Monday, January 26, 2009

Obesity Epidemic Shows Perils To Health Reform

For years, Bob Clegg's insurance company paid out some $3,000 a month for doctor visits, drugs and medical devices to treat the health problems caused by his obesity. In September 2007, when his weight peaked at 380 pounds (172 kg), he had gastric bypass surgery, and now his health issues -- joint pain, sleep apnea and esophageal problems -- have vanished, and so have the medical bills. But even though the surgery -- in which the stomach is made smaller and part of the intestine is bypassed -- has saved his insurance company money, Clegg, who now weighs 240 pounds (108 kg), had to pay the $20,000 cost out of his own pocket. ‘It wasn't until the doctor said my sleep apnea was at a point where we seriously had to consider a tracheotomy that we talked about gastric bypass,’ said Clegg, 54. ‘The irony is that insurance would pay for the tracheotomy, but not the surgery.’ Clegg's experience highlights the difficulties facing the United States as it confronts an epidemic of obesity, and the problems for President Barack Obama as he sets about extending health insurance to more Americans at a time of runaway costs. While his experience is typical, unlike most other people, Clegg was in a position to make some changes. As a member of New Hampshire's senate, he took what he knew about obesity and the cost of treating related chronic illnesses to the state capitol, where he introduced a bill in January 2008 requiring insurers to offer surgery as a treatment option, just as the state's Medicaid program for the poor does. About two-thirds of American adults are overweight or obese, putting them at an increased risk for diabetes, hypertension, heart disease, osteoarthritis, stroke, gallbladder disease, sleep apnea and respiratory problems and even some cancers. The direct and indirect costs of obesity is $117 billion each year, according to a 2000 report by the U.S. Surgeon General. Christine Ferguson, associate professor at George Washington University School of Public Health and the director of STOP Obesity Alliance, said the stigma surrounding obesity and belief that it is not a disease are keeping the government from addressing the crisis. ‘If I have to balance my budget at the end of each year, I have a choice between investing money in children who have mental retardation, or children with developmental disabilities ... or investing in people who have obesity, choosing obesity is a very hard case to make,’ she said. Ronald Williams, the chairman and chief executive of health insurer Aetna, said most large employers that it sells policies to have at least one plan that covers bariatric surgery. But, he said, he's more focused on prevention. ‘The bigger end of the story is, How do we help people not become obese to begin with?" he said. ‘If they are suffering the complications from being overweight or obese, how can we help them manage those conditions?’”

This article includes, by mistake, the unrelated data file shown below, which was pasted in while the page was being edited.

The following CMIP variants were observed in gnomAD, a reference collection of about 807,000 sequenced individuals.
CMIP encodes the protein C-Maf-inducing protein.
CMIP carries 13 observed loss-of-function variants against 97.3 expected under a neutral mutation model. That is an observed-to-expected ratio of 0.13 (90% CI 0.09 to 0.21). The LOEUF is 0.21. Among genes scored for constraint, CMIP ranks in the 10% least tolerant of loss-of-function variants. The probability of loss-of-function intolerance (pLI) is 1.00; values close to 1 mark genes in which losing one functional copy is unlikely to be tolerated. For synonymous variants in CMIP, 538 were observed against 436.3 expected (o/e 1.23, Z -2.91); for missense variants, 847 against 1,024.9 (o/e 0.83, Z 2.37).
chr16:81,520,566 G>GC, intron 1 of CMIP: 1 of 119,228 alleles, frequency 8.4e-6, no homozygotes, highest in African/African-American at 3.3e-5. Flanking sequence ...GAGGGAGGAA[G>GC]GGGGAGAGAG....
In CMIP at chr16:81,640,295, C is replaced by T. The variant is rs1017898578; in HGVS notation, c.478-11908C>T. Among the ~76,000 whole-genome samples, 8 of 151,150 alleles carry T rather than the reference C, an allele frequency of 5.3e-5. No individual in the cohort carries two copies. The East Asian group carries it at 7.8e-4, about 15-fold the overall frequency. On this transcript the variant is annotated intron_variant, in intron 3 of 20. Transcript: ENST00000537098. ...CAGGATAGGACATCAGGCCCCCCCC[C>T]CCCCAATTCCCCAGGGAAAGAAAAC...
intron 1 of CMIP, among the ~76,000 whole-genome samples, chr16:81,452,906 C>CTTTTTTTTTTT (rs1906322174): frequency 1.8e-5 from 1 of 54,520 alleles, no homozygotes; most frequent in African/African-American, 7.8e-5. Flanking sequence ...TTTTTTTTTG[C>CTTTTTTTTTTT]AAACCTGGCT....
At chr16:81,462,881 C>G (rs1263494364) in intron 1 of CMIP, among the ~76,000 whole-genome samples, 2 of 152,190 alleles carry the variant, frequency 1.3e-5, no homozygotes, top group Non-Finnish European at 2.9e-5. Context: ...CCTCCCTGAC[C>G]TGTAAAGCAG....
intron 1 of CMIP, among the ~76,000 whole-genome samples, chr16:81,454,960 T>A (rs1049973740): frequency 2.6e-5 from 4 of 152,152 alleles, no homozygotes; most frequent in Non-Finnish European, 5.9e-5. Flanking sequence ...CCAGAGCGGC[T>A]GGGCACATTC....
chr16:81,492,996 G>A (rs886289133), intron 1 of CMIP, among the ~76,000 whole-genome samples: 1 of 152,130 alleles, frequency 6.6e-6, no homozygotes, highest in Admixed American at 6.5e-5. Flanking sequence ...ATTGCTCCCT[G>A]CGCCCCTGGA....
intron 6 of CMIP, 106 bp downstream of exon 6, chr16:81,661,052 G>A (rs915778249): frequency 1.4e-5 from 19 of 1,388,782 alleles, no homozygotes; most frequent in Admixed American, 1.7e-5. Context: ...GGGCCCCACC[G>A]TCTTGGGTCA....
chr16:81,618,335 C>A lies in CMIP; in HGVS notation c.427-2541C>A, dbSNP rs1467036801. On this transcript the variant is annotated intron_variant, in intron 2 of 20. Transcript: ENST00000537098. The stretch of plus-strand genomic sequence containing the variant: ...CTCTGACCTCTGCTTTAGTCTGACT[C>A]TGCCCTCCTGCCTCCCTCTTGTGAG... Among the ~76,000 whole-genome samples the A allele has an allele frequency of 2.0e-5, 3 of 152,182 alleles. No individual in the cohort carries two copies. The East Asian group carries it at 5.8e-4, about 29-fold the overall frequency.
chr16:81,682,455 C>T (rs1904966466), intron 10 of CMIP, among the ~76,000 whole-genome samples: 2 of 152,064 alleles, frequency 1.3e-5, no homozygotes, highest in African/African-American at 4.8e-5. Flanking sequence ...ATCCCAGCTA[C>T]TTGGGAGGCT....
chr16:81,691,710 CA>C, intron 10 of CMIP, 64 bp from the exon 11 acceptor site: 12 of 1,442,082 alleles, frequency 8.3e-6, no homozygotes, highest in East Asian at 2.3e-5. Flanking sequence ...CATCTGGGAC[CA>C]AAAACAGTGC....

1 comment:

Mr.fruitness said...


Among other novelties on the website is the possibility of directly creating characters and adventures involving the superhero, and taking part in a fun quiz to find out what children really think about fruit.

(Ferrara, 14 January 2009). Refreshed and renewed in look and content, the Mr.Fruitness site – featuring the superhero in green tights, testimonial for the three-year “Fruitness enjoy it!”* project – offers its junior friends a fruit-quiz about the role that fruit plays in nutrition. Once they have registered on the site (in five languages: Italian, English, German, Polish and Swedish), children and teenagers from all over Europe can create their own personal logo in peach, pear or kiwi shapes, play with Mr.Fruitness and his magic fruit-team and answer the fruit-quiz together with their parents. The questionnaire will be an invitation for them to give their views on fruit consumption, vote for their favourite fruit and describe what they have learned while navigating on the Mr.Fruitness site. The new quiz is both simple and enjoyable, and is a tool designed to heighten children’s and parents’ awareness of the importance of nutrition and aid parents and adults to think seriously about their purchasing habits.
In recent years the Mr.Fruitness site has won the approval of a notable number of children: a total of over 600,000 contacts have been logged from countries where Mr.Fruitness is active, notably in Germany, Austria, Poland and the United Kingdom.

For further information:

Elena Vincenzi Press Office “Fruitness, enjoy it!” c/o Fruitecom +39 059-7863894
Alessandra Ravaioli CSO – Centro Servizi Ortofrutticoli S.c.a.r.l. +39 0532-904511

*“Fruitness enjoy it” is a three-year campaign for the promotion of healthier eating habits, which aims to educate children and raise awareness about fruit and the role it plays in preventing child obesity. Directed at children in the United Kingdom, Poland, Austria, Sweden and Germany, the campaign is financed by the European Commission, Agea (the Agricultural Payment Agency) and CSO, for a combined value of 4 million euros. It will consist of a targeted and integrated programme of activities dedicated to promoting the consumption of EU fruits, by providing information about their intrinsic characteristics in terms of nutritional quality, safety and health benefits. For more information: